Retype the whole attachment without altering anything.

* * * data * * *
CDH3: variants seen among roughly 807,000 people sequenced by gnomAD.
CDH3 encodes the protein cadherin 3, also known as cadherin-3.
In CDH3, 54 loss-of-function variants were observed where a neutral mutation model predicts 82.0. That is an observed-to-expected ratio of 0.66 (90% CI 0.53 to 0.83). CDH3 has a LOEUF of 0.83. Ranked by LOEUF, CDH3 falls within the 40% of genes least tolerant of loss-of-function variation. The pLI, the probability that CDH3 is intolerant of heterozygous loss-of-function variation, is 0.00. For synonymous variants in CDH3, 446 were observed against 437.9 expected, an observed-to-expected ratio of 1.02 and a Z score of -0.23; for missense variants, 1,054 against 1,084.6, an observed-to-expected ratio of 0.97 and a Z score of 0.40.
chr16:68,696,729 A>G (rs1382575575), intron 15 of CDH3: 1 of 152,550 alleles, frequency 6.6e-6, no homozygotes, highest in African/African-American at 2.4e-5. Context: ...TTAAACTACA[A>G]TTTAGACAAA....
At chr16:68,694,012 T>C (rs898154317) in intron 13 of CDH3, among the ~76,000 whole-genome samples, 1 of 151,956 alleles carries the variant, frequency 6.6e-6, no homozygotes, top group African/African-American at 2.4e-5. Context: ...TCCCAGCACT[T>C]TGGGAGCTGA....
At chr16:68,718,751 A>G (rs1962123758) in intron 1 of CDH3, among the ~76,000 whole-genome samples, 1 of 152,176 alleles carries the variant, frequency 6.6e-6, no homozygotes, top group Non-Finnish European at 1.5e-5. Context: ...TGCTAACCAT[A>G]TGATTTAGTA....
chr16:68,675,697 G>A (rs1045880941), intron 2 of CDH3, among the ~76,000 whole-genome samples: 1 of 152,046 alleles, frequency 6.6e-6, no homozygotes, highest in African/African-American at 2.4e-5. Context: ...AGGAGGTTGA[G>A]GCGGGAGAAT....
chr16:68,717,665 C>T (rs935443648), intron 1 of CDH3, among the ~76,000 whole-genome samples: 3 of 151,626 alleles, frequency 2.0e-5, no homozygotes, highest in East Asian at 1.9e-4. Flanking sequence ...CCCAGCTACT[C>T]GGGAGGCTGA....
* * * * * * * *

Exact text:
CDH3: variants seen among roughly 807,000 people sequenced by gnomAD.
CDH3 encodes the protein cadherin 3, also known as cadherin-3.
In CDH3, 54 loss-of-function variants were observed where a neutral mutation model predicts 82.0. That is an observed-to-expected ratio of 0.66 (90% CI 0.53 to 0.83). CDH3 has a LOEUF of 0.83. Ranked by LOEUF, CDH3 falls within the 40% of genes least tolerant of loss-of-function variation. The pLI, the probability that CDH3 is intolerant of heterozygous loss-of-function variation, is 0.00. For synonymous variants in CDH3, 446 were observed against 437.9 expected, an observed-to-expected ratio of 1.02 and a Z score of -0.23; for missense variants, 1,054 against 1,084.6, an observed-to-expected ratio of 0.97 and a Z score of 0.40.
chr16:68,696,729 A>G (rs1382575575), intron 15 of CDH3: 1 of 152,550 alleles, frequency 6.6e-6, no homozygotes, highest in African/African-American at 2.4e-5. Context: ...TTAAACTACA[A>G]TTTAGACAAA....
At chr16:68,694,012 T>C (rs898154317) in intron 13 of CDH3, among the ~76,000 whole-genome samples, 1 of 151,956 alleles carries the variant, frequency 6.6e-6, no homozygotes, top group African/African-American at 2.4e-5. Context: ...TCCCAGCACT[T>C]TGGGAGCTGA....
At chr16:68,718,751 A>G (rs1962123758) in intron 1 of CDH3, among the ~76,000 whole-genome samples, 1 of 152,176 alleles carries the variant, frequency 6.6e-6, no homozygotes, top group Non-Finnish European at 1.5e-5. Context: ...TGCTAACCAT[A>G]TGATTTAGTA....
chr16:68,675,697 G>A (rs1045880941), intron 2 of CDH3, among the ~76,000 whole-genome samples: 1 of 152,046 alleles, frequency 6.6e-6, no homozygotes, highest in African/African-American at 2.4e-5. Context: ...AGGAGGTTGA[G>A]GCGGGAGAAT....
chr16:68,717,665 C>T (rs935443648), intron 1 of CDH3, among the ~76,000 whole-genome samples: 3 of 151,626 alleles, frequency 2.0e-5, no homozygotes, highest in East Asian at 1.9e-4. Flanking sequence ...CCCAGCTACT[C>T]GGGAGGCTGA....